Title

Extremophilic microbes from acidic mine waste lake produce novel anticancer compounds

Presentation Type

Poster

Abstract

Berkeley Pit Lake in Butte, Montana is part of the largest superfund site in the United States. This abandoned open pit copper mine is filled with acidic water (pH 2.5) and high levels of heavy metals. In 1995, the Stierle Lab discovered life in the form of fungi and bacteria in the Pit and has since found over sixty other extremophiles in the lake water and basal sediment. My project in the Stierle Lab focuses on the isolation, structural characterization, and bioactivity assessment of metabolites produced by the actinomycete PS-45A-4, a branching bacterium found in the sediment of the Pit. Metabolites from the broth culture of this microbe are isolated by size exclusion and silica gel column chromatography guided by specific signal transduction enzyme inhibition assays. Up-regulation of the signal transduction enzymes matrix metalloproteinase-3 (MMP-3) and caspase-1 has been associated with inflammation as well as the onset and metastasis of cancer cells; therefore, inhibition of these enzymes could have therapeutic value. Metabolites isolated from broth cultures of PS-45A-4 that demonstrate significant inhibition of MMP-3 or caspase-1 will be evaluated in the National Cancer Institute human cancer cell line screen and in the intact inflammasome assay. Research has shown strong correlations between MMP-3 inhibition and reduced cancer cell activities including tumor initiation and metastasis. Caspase-1 inhibition has been shown to mitigate production of pro-inflammatory cytokines in the inflammasome and to target inflammation-associated cancers. Once anti-cancer activity of a compound is confirmed, the structure of the novel, bioactive metabolites will be determined. 1D and 2D proton NMR and mass spectrometry are used to determine the exact structure of the compound. Discovering novel anti-cancer compounds from biological sources is important to the continuing search for safe and effective cancer treatments.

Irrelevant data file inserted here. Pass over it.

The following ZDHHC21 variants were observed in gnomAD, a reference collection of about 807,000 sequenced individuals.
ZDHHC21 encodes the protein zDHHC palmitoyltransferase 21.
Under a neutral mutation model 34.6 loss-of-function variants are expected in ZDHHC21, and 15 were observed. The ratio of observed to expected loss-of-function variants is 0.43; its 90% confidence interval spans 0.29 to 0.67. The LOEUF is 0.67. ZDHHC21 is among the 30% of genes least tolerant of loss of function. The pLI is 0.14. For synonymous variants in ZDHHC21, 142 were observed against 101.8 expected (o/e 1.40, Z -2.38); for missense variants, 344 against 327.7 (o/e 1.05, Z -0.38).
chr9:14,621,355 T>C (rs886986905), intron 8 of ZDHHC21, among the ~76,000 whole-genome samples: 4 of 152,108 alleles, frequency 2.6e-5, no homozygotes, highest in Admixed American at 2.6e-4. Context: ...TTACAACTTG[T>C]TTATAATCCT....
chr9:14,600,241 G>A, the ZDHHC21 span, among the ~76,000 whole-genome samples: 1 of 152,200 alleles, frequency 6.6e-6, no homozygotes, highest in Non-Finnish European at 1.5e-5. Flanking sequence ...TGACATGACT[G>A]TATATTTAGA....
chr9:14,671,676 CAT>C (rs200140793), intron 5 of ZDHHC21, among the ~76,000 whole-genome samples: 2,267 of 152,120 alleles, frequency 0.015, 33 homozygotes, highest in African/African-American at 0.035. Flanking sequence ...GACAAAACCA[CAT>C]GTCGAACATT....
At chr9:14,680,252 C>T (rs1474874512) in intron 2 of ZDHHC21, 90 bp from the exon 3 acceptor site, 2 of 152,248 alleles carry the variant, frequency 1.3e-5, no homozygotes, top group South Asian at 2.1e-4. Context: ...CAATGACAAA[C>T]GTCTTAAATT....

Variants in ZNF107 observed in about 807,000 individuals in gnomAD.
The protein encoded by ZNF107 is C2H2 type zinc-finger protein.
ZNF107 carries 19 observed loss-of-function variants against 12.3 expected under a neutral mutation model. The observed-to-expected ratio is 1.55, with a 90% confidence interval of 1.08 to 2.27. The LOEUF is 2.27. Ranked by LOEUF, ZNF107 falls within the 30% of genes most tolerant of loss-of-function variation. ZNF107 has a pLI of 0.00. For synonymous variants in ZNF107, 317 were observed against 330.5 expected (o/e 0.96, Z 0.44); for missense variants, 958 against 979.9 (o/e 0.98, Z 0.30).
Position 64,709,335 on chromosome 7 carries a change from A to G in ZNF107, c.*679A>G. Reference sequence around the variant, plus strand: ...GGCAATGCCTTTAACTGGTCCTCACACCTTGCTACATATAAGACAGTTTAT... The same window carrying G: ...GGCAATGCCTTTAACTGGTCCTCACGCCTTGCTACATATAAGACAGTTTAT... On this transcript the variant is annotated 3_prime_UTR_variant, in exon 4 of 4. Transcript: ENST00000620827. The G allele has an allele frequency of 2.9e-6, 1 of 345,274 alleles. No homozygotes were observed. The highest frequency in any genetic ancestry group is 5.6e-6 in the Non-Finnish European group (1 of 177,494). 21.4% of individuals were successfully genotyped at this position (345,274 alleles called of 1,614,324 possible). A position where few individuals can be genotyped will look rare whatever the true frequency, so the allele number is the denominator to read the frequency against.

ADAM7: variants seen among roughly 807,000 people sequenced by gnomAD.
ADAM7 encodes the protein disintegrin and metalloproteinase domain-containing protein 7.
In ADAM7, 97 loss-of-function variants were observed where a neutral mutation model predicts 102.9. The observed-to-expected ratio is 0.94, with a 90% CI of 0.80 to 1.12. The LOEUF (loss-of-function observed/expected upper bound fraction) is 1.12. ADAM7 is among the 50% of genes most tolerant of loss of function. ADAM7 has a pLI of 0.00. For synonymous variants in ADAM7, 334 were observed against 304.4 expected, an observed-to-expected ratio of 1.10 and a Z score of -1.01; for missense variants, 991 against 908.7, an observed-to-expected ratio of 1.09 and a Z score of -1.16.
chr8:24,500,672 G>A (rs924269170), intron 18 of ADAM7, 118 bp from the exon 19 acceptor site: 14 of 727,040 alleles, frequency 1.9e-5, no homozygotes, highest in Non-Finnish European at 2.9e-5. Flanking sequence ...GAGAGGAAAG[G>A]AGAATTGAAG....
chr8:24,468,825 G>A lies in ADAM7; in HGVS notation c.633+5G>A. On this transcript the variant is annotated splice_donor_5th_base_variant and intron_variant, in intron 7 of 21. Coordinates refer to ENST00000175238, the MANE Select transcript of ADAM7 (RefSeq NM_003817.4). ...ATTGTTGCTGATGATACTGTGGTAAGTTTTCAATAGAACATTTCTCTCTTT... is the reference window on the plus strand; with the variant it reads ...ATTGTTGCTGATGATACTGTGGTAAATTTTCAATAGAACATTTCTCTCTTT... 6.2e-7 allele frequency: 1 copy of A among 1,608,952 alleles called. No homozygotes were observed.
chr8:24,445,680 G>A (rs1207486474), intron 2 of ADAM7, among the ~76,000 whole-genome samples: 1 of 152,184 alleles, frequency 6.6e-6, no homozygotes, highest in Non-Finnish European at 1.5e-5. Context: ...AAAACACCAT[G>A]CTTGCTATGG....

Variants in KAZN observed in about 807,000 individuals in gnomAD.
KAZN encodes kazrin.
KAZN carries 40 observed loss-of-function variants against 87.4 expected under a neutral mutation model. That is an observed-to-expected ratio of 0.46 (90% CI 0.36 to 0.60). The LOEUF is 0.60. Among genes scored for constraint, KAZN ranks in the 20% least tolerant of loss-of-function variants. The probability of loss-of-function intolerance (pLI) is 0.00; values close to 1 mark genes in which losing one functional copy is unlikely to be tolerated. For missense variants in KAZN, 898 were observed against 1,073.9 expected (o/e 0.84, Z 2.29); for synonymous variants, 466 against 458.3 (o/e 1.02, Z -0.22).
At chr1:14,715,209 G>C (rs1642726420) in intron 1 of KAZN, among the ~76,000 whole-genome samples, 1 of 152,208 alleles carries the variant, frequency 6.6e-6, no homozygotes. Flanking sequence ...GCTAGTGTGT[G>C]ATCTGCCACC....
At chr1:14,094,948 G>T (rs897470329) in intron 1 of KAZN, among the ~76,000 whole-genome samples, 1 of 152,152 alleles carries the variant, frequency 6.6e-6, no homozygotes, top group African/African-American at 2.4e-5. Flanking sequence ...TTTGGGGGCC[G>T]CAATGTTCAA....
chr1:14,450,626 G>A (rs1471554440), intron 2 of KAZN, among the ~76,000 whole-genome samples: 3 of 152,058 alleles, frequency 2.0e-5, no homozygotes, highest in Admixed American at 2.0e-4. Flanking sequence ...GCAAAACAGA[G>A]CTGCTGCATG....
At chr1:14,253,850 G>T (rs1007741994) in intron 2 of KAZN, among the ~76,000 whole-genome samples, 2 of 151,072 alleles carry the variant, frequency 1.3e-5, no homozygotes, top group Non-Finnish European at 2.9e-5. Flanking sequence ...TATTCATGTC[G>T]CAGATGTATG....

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Apr 13th, 11:00 AM Apr 13th, 12:00 PM

Extremophilic microbes from acidic mine waste lake produce novel anticancer compounds

UC Ballroom

Berkeley Pit Lake in Butte, Montana is part of the largest superfund site in the United States. This abandoned open pit copper mine is filled with acidic water (pH 2.5) and high levels of heavy metals. In 1995, the Stierle Lab discovered life in the form of fungi and bacteria in the Pit and has since found over sixty other extremophiles in the lake water and basal sediment. My project in the Stierle Lab focuses on the isolation, structural characterization, and bioactivity assessment of metabolites produced by the actinomycete PS-45A-4, a branching bacterium found in the sediment of the Pit. Metabolites from the broth culture of this microbe are isolated by size exclusion and silica gel column chromatography guided by specific signal transduction enzyme inhibition assays. Up-regulation of the signal transduction enzymes matrix metalloproteinase-3 (MMP-3) and caspase-1 has been associated with inflammation as well as the onset and metastasis of cancer cells; therefore, inhibition of these enzymes could have therapeutic value. Metabolites isolated from broth cultures of PS-45A-4 that demonstrate significant inhibition of MMP-3 or caspase-1 will be evaluated in the National Cancer Institute human cancer cell line screen and in the intact inflammasome assay. Research has shown strong correlations between MMP-3 inhibition and reduced cancer cell activities including tumor initiation and metastasis. Caspase-1 inhibition has been shown to mitigate production of pro-inflammatory cytokines in the inflammasome and to target inflammation-associated cancers. Once anti-cancer activity of a compound is confirmed, the structure of the novel, bioactive metabolites will be determined. 1D and 2D proton NMR and mass spectrometry are used to determine the exact structure of the compound. Discovering novel anti-cancer compounds from biological sources is important to the continuing search for safe and effective cancer treatments.